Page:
South Africa’s inflation target remains in place but the government and central bank would soon start talks on the best way to manage prices, Finance Minister Pravin Gordhan said on Tuesday.
The Reserve Bank is mandated to keep inflation within 3% to 6% and while viewed positively by investors it has come in for fierce criticism from the ruling ANC’s trade union and communist party allies.
The framework is credited with helping keep inflation in check, but the Congress of South African Trade Unions says it has led to overly tight monetary policy, hurting the poor.
”At this stage, we see no reason to change the inflation target. We do want to signal, however, that the world out there is a fair amount of debate which we are monitoring,” Gordhan told reporters, possibly signaling talks on changing the policy.
”There are developments that we have to take into account and as the new governor gets into place we will have conversations both with her and other stakeholders to see how best we manage inflation and price stability in order to promote balanced and sustainable economic growth.”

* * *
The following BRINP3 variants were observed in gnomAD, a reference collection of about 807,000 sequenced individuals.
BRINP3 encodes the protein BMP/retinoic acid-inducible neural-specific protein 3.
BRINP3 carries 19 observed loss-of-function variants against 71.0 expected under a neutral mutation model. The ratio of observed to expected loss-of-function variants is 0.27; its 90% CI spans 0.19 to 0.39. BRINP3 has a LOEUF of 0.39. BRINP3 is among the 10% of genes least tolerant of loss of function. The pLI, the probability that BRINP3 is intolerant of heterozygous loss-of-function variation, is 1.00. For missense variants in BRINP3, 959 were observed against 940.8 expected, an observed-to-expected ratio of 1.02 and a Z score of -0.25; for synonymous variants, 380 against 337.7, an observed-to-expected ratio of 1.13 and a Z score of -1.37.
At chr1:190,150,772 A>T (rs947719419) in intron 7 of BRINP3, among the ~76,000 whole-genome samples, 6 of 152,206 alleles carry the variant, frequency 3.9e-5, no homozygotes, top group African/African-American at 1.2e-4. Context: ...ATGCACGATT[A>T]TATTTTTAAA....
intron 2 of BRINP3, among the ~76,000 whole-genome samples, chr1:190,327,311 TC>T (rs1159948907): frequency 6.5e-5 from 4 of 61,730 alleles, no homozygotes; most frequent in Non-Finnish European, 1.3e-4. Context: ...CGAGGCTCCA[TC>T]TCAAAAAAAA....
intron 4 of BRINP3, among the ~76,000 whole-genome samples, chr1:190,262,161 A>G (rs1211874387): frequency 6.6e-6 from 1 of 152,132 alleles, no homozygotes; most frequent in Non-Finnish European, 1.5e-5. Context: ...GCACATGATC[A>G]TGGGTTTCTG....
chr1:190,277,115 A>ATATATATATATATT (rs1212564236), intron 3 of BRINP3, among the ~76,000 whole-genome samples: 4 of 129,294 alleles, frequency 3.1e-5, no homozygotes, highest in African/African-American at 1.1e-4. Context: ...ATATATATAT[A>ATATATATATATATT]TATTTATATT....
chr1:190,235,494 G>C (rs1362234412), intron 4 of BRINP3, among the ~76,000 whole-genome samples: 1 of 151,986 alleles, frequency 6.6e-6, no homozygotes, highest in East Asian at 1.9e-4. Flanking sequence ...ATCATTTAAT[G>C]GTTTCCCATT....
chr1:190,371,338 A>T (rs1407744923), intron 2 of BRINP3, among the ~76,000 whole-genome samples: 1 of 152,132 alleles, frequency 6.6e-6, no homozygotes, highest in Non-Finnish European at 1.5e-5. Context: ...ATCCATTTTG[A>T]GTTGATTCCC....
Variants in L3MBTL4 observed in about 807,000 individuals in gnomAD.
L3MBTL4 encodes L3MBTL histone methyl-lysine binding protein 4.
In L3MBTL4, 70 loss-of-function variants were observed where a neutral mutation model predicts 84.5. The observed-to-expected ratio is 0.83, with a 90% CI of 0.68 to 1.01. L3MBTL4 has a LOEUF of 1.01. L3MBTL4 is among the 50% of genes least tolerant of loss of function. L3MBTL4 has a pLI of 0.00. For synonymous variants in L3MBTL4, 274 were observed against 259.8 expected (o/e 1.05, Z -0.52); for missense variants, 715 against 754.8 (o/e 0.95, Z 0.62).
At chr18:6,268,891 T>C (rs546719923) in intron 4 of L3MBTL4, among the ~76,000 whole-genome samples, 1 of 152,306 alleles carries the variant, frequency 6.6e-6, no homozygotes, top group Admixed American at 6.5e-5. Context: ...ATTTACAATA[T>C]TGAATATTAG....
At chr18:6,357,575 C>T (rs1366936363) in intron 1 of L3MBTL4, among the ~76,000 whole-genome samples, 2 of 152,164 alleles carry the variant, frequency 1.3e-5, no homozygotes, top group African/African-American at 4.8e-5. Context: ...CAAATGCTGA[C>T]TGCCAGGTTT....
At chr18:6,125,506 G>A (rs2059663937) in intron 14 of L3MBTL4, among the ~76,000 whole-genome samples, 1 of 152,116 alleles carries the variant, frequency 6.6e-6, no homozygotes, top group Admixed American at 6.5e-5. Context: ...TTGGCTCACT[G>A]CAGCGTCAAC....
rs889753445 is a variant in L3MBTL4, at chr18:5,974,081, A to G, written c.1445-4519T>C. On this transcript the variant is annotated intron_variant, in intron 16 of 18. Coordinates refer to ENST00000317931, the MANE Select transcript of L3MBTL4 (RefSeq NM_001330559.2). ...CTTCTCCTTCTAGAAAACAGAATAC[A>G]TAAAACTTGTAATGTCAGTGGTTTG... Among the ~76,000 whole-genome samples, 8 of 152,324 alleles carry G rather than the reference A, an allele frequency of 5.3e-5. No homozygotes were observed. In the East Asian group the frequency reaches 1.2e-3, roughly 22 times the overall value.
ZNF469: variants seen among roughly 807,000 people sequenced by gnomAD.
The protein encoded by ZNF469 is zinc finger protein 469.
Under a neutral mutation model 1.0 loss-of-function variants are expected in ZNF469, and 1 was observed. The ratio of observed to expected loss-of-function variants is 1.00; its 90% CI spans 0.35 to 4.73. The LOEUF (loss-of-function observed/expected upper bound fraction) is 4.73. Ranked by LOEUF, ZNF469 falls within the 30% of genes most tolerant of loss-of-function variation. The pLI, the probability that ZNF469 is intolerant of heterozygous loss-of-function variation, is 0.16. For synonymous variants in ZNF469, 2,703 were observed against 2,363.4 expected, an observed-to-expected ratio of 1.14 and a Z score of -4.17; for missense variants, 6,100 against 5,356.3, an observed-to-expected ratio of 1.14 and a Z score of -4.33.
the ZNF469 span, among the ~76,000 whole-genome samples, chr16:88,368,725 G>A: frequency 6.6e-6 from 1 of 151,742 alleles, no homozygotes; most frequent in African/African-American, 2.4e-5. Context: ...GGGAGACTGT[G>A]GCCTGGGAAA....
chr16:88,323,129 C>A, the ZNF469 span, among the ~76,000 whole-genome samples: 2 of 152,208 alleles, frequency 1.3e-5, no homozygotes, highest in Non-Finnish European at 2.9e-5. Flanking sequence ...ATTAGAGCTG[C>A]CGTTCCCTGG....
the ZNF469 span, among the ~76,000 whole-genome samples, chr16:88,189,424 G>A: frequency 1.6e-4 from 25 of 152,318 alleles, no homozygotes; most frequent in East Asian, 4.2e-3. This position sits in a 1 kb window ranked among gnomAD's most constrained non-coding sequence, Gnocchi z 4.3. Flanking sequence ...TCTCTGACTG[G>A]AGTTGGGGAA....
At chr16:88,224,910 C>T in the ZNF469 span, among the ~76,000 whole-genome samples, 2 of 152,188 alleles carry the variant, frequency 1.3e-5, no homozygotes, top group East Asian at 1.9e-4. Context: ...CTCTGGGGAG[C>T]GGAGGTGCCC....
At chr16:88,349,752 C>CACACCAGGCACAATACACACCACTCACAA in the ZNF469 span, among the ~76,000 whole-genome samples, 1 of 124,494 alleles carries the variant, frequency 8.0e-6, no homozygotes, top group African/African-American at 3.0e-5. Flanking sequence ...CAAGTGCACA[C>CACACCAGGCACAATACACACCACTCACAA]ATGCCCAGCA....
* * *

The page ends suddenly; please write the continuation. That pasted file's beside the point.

Consumer inflation has been outside the band for more than two years, largely due to global factors, such as high oil and food prices, and price pressures are seen staying high because of expected big power price increases.
Eskom wants tariff increases of at least 45% a year for the next three years to help pay for more capacity.
The government has given its blessing to the tariff adjustments, effectively meaning it is okaying administered prices that make it increasingly difficult for the central bank to meet its target.
City councils also recently approved a 13% pay rise for their workers, double the top end of the band. Gordhan said the debate with the central bank should start soon, after new Governor Gill Marcus takes over in two weeks.
”That will be a process that unfolds I would imagine over the next two to three months as we begin this engagement between the new leadership of the Reserve Bank and the relatively new leadership in the Treasury, and also other cabinet colleagues who would also have an interest in this area,” he said.
The central bank has cut its repo rate by five percentage points to 7% this year, less than in other countries also battling through an economic downturn.
Reserve Bank Governor Tito Mboweni highlighted concerns about power prices when announcing the repo would stay steady after last week’s policy meeting. – Reuters